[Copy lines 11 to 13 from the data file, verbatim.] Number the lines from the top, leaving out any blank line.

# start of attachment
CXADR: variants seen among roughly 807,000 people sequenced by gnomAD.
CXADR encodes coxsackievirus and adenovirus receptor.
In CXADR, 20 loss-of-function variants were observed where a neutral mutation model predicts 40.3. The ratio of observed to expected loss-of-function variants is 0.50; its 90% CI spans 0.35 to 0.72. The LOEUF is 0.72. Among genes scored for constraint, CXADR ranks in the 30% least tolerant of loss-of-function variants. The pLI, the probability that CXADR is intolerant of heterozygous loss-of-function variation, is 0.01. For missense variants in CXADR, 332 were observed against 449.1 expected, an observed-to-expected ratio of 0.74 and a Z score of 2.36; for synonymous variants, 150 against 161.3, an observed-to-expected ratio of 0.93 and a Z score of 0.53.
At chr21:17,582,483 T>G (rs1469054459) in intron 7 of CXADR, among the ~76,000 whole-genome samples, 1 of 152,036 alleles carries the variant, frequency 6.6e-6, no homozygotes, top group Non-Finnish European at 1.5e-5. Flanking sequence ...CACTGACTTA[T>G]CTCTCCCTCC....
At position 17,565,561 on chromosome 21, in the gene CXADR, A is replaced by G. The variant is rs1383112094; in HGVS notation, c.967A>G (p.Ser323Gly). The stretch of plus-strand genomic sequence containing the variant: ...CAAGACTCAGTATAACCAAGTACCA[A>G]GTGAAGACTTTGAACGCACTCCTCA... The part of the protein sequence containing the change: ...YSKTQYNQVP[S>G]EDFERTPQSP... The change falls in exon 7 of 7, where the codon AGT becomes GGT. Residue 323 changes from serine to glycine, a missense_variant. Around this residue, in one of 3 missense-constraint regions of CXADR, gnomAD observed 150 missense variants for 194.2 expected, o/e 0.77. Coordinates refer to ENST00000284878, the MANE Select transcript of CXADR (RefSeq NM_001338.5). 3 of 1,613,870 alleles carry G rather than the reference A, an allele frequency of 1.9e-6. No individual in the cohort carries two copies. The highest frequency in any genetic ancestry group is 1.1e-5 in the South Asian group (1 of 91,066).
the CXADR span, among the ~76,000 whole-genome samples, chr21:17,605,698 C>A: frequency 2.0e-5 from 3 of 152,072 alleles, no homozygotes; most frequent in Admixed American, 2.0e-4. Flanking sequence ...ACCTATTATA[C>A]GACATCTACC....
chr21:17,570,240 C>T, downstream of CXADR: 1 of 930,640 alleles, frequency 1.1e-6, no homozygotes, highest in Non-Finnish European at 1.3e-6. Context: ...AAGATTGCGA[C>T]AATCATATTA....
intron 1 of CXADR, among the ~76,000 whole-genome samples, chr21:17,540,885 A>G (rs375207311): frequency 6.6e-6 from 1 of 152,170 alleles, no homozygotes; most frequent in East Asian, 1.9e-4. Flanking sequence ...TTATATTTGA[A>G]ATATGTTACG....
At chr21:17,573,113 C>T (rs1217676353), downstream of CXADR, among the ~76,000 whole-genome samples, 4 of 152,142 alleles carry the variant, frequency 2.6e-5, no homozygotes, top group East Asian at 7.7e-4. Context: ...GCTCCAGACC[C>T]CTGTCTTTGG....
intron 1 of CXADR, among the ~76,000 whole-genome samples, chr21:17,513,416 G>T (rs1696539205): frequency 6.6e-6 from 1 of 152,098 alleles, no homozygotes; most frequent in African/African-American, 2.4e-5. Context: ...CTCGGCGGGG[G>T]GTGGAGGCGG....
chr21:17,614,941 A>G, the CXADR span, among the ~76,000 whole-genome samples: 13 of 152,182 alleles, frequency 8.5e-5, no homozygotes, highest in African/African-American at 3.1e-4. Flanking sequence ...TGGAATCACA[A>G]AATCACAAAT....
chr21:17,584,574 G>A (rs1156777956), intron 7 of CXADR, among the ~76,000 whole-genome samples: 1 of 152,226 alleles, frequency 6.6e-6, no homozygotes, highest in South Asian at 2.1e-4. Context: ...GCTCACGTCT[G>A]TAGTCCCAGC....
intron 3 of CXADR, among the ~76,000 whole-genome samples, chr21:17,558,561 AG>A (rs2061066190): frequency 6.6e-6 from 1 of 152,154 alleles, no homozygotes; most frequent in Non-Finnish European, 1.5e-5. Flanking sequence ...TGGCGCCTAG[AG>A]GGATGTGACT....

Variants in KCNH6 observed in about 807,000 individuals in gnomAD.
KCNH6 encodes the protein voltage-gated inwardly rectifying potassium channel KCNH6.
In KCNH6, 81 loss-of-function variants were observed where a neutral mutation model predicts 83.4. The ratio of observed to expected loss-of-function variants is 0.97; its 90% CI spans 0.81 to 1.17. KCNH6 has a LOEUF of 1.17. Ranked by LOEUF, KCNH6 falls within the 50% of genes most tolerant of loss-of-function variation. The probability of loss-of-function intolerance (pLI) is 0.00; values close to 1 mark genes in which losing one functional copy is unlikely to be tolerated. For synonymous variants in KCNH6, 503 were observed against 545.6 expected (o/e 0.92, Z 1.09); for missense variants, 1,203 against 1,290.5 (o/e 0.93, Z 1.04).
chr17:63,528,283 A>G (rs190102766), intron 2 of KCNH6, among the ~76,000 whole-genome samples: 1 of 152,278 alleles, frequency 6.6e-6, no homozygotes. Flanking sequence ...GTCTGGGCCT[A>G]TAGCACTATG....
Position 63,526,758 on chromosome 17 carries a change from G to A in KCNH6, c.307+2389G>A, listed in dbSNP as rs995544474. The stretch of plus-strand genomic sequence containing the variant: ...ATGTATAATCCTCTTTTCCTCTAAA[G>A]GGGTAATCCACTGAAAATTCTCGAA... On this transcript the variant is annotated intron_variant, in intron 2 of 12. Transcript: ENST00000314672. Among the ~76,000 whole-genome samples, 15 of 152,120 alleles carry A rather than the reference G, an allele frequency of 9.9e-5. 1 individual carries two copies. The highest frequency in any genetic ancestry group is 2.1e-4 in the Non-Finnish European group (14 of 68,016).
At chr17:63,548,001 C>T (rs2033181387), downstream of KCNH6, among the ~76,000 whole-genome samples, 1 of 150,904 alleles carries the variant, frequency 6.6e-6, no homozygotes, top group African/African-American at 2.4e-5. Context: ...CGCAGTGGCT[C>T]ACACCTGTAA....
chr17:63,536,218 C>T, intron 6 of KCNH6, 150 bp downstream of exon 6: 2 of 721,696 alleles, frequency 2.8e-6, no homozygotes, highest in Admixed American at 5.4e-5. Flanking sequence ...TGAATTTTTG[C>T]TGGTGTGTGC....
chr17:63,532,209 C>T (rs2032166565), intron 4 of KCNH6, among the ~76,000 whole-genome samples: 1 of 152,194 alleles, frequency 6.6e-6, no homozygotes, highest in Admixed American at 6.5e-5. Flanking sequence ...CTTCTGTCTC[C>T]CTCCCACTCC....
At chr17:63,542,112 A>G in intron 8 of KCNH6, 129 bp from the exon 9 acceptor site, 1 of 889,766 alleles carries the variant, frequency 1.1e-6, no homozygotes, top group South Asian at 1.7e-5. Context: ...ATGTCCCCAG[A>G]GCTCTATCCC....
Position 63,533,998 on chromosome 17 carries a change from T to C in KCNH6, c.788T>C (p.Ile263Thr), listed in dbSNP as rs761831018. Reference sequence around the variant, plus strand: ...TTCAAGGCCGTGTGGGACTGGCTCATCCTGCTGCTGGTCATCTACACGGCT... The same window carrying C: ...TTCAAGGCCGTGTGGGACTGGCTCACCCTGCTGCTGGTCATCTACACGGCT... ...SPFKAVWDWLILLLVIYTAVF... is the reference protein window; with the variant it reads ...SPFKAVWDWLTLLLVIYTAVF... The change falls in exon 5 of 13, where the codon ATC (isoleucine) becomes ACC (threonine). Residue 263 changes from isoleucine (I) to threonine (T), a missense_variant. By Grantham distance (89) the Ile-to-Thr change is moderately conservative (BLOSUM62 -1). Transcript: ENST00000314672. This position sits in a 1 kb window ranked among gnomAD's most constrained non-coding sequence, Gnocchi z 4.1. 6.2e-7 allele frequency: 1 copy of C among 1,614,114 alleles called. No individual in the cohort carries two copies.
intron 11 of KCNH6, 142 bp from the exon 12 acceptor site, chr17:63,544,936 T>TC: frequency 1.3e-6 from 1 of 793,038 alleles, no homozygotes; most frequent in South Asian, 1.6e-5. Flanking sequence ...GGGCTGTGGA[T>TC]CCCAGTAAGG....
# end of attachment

chr21:17,614,941 A>G, the CXADR span, among the ~76,000 whole-genome samples: 13 of 152,182 alleles, frequency 8.5e-5, no homozygotes, highest in African/African-American at 3.1e-4. Flanking sequence ...TGGAATCACA[A>G]AATCACAAAT....
chr21:17,584,574 G>A (rs1156777956), intron 7 of CXADR, among the ~76,000 whole-genome samples: 1 of 152,226 alleles, frequency 6.6e-6, no homozygotes, highest in South Asian at 2.1e-4. Context: ...GCTCACGTCT[G>A]TAGTCCCAGC....
intron 3 of CXADR, among the ~76,000 whole-genome samples, chr21:17,558,561 AG>A (rs2061066190): frequency 6.6e-6 from 1 of 152,154 alleles, no homozygotes; most frequent in Non-Finnish European, 1.5e-5. Flanking sequence ...TGGCGCCTAG[AG>A]GGATGTGACT....